SolarCity said Wednesday it is eliminating more than 550 jobs in Nevada as it continues a campaign against new, government-mandated solar metering rates.
The move signals an escalation in the competing interests of solar power's relative newcomers to the energy ecosystem and the entrenched, politically hard-wired public utility and grid players. Wall Street Journal staffer Austen Hufford does the reporting on the Solar City salvo after Nevada announced that solar-panel home users would receive whole-sale vs. retail payments for their home-generated power, and would also pay higher monthly service charges.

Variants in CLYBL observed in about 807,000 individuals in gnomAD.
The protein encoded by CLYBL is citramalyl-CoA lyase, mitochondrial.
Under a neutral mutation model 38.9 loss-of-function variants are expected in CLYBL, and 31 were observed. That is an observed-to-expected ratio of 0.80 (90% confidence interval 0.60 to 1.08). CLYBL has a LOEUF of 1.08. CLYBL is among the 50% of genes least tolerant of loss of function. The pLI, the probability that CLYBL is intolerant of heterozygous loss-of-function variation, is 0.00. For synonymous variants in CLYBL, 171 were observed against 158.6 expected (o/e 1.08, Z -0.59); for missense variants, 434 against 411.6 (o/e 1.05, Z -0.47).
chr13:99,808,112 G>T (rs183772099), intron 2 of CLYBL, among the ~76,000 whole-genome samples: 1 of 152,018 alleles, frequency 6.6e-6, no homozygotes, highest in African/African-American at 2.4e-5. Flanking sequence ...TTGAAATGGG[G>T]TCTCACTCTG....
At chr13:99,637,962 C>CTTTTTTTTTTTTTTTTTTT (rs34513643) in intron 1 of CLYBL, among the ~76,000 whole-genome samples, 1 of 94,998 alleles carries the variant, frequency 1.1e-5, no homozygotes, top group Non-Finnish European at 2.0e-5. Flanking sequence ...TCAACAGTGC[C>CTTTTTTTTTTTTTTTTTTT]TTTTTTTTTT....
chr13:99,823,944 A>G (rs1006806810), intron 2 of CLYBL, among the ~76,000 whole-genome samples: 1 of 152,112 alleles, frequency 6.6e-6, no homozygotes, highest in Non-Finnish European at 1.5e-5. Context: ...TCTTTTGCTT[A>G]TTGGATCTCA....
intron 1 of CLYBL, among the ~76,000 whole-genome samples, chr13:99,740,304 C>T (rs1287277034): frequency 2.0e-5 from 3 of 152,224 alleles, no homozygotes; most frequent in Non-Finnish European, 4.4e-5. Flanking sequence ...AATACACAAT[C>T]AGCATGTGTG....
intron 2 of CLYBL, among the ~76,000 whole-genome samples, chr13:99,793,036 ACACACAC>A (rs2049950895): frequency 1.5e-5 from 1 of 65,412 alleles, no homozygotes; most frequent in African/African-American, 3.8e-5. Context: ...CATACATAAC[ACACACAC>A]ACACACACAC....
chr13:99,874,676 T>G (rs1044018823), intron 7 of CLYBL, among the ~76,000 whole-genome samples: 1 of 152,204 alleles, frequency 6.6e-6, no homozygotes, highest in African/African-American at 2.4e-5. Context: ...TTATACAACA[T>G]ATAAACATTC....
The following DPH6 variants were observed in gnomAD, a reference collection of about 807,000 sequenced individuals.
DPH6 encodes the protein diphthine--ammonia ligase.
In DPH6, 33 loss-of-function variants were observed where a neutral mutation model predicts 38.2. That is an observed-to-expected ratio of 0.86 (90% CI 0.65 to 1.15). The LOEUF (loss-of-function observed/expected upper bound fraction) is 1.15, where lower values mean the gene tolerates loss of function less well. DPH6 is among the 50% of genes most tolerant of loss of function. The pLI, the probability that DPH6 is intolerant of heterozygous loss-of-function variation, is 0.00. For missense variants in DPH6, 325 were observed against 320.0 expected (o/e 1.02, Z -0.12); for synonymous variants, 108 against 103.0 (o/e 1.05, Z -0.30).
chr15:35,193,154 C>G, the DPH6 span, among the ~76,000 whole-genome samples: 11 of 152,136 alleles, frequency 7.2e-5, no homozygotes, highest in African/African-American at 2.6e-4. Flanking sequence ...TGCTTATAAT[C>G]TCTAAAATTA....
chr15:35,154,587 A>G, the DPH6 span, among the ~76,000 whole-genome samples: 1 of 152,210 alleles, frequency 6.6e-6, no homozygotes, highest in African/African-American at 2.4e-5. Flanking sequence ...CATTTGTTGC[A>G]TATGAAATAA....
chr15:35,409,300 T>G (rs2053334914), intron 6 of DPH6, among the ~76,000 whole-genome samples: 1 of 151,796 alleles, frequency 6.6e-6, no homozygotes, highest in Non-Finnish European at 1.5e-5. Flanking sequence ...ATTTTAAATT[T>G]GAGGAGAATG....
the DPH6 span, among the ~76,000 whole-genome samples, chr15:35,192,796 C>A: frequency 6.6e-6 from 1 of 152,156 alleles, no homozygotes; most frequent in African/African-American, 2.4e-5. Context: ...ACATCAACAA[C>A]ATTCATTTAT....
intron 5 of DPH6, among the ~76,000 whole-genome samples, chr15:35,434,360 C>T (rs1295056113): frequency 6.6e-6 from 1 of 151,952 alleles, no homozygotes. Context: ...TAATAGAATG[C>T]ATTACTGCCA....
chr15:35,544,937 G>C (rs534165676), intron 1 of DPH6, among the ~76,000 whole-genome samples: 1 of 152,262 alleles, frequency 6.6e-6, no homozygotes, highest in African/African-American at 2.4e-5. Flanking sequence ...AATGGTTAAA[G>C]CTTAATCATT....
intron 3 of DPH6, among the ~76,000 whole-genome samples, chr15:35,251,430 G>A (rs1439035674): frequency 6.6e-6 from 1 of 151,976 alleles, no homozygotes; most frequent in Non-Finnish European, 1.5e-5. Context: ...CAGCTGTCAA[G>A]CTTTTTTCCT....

An argument in the debate is that officials say they don't want to have solar energy company interests subsidized by all tax payers [at the expense of the utility companies whose interests are subsidized by all tax payers].
Logical? You decide. Hufford writes:
The commission estimates that nonsolar energy customers are paying hundreds of dollars annually in higher costs to subsidize solar-energy rates. The commission said the lower rates and higher costs for solar energy will help eliminate the subsidy by 2020.
That way, only the subsidies supporting old-line grid companies would be in place.